The answer lies in a deeply relational, educating of the masses to understand the heart of God. Just as we see God’s method changing over time, so must we change. Even the disciples and the writers of the gospel changed their methodology for their given audience. Think of how Matthew’s appeal to the Jews takes a very different form that Luke’s appeal to the Gentiles. As leaders, we must specifically tailor everything we do for our personal context. If I had one wish for young leaders, it would be that they throw away every “church growth” book and discover what—precisely—Father wants them to do. That leader must understand that he was hand chosen for the work God has prepared for him to do, and only he can do it. He has an obligation to seek the will of God until he finds it. To jump early, or to lead according to the dictates or expectations of man is sinful. That ministry will not last. Nor will such a ministry result in the level of praise to the Son that Father desires for it to give. We must be very calculated and careful in our attempts to lead the church. The leading is at Father’s direction and not by the dictates of the masses.

Each of us will find ourselves in this piece, however, we must look carefully at who we think that we are. The pastor who reads this and insists; “Yeah, those church members are strangling me in every attempt to lead the church” must first ask himself if has truly sought the Lord’s direction in where he is leading. That the direction in which he seeks to lead his congregation has been intimately, directionally spelled out by Father. Likewise, the congregant who says; “My pastor is changing everything. It’s arbitrary and destructive and he needs to go” must tread lightly as he plays with the call of a man of God. Many a struggle with Godly leaders is not a human struggle at all, but a revolt against the very will of God at the calling of that man to lead. Tread lightly. The beginning of an answer to all of these struggles is the prayerful, patient seeking of Father’s specific will and direction for the cultural context in which he has placed all parties. Until that primary foundation is laid, nothing fruitful can be constructed. The leader in today’s church does not have an easy road ahead. It is one of great struggle, but also of great reward.

John Maxwell states the following in his book, Developing the Leader within You.

Leaders can never take their people farther than they have traveled. Like leader, like people … God’s gift to the leader is his potential. His gift back to God is what he does with that potential.

Leaders Go First

In today’s unforgiving environment both seasoned leaders and those coming into new leadership roles need to hit the ground running, or at the very least, come up to speed quickly. This is simply a reality.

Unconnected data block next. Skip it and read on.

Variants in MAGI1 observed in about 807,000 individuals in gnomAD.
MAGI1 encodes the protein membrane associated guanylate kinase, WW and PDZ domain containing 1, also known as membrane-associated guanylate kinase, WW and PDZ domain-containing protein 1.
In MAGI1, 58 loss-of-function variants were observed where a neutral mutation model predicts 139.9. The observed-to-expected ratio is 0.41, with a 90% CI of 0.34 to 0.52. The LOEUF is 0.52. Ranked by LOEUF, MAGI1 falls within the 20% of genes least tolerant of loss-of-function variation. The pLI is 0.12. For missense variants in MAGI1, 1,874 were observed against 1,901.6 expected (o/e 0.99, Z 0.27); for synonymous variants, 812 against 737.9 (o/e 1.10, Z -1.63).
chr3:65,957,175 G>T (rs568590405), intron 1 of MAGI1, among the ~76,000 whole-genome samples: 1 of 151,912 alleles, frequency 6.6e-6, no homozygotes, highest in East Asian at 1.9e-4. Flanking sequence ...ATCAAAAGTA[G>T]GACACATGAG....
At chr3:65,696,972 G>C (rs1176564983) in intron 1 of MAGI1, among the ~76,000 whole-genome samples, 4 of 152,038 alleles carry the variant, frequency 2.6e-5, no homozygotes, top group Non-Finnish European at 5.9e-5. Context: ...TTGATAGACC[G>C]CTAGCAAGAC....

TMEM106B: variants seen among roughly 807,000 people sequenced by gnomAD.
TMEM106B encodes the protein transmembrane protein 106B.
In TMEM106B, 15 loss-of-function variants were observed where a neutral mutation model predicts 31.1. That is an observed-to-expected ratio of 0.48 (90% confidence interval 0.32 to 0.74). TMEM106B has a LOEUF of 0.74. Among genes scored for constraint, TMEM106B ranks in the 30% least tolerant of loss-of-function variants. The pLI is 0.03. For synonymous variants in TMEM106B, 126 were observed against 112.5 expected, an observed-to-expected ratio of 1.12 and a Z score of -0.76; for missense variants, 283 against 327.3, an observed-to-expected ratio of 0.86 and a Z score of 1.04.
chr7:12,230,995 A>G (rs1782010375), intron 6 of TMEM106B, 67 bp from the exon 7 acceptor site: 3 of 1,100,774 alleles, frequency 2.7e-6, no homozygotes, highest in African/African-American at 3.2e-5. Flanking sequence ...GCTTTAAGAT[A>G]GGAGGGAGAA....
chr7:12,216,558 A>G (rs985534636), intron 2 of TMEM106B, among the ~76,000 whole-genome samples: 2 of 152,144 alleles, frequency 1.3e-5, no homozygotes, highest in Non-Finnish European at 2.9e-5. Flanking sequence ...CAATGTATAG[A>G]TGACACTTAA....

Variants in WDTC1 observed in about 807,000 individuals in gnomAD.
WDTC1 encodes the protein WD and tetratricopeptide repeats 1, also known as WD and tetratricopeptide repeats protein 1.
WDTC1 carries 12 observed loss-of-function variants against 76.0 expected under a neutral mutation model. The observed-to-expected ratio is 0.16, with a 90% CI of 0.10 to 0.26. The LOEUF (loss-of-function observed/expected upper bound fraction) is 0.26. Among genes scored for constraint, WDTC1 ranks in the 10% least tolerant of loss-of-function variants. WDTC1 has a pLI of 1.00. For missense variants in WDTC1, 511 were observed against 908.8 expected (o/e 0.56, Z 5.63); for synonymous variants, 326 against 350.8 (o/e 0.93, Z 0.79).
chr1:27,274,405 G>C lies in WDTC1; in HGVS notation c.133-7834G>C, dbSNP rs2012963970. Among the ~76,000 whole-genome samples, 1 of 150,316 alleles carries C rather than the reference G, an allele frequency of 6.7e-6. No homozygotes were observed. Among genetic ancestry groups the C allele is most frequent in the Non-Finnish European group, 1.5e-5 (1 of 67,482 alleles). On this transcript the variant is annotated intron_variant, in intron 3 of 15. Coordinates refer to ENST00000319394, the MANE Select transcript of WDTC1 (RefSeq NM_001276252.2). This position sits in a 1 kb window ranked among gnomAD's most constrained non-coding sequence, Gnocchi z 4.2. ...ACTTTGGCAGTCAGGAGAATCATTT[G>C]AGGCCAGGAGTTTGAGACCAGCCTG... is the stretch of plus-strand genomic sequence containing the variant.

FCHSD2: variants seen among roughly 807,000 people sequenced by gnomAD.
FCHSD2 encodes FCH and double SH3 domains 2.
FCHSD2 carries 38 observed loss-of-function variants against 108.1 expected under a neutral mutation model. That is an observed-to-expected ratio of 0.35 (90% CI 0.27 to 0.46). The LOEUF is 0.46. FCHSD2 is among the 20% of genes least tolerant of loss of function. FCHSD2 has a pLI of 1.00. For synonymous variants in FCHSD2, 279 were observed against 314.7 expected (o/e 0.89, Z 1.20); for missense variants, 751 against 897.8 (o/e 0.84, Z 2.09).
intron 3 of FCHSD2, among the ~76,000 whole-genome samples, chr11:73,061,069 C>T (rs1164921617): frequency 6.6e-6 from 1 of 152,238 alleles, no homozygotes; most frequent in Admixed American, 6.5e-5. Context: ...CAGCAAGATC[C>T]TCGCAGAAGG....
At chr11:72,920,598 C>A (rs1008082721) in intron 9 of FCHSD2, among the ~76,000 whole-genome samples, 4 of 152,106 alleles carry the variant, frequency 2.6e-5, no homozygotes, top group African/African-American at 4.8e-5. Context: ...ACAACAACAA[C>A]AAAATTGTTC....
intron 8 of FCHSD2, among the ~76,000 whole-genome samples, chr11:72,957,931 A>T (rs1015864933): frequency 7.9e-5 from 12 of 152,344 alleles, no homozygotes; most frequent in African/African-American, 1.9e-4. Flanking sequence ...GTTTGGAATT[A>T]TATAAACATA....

In previous eras of workplace ethics, you could coast for a long time before your lack of leadership proficiency was noticed or harmed the organization. Not so any longer. Today’s leader needs to be the forerunner of change. Allow me this personal example.

I am a SCUBA diver. I have been avidly diving since 1986 and I have a special love for the sport. I have yet to be on a dive boat where, once we are over the dive spot, I am not the first diver in the water and the last to come aboard. Why? Because I am passionate about diving. PASSIONATE! I love every moment of it. I suit up long before anyone, sitting on the deck amidst the stares of the others who are in the galley eating. I wait for my chance to take my giant stride off the deck and signal OK to the Divemaster with a tap to my head. On a recent dive at Anacapa island in California, I was in awe as I descended into a school of thousands of fish, I was right in the middle of them. Guess what? I was the only one on the boat that day that was so privileged. Why? I was the first in.

A Hard Reality…

As a “go first” leader, you must be competent. If you are not the first one in (and the last one out) on every new endeavor, you are losing your authority. I am not saying that you cannot delegate, but delegate the lesser things. The important ones are yours. Build the team, inspire them to act, and take the first step. Your passion for the new endeavor will be contagious and you will inspire those behind.

I marvel at the many “leaders” that I speak to on a daily basis, and when I look behind them (figuratively) there is no one there. In fact, I’ve been there myself. However, you know as well as I, you are not a leader if nobody’s following. Today’s leader must not only have the ability to lead followers, he must lead leaders.

If you want to lead leaders, here are some of the things you will need to consider important.

• Time management skills
• Delegation and ownership
• Personal presentation
• The ability to drive values and objectives
• Complex decision-making and problem-solving
• Effective communication and consensus building
• Performance management and evaluation
• Dealing effectively with difficult conversations
• Ability to make the tough call
• Learning to tap into an individual’s creativity in times of great challenge
• Team building
• Giving and receiving constructive feedback that promotes growth
• Developing others
• Taking ownership of results (accountability)
• Self-awareness and self-management

That last one’s a killer…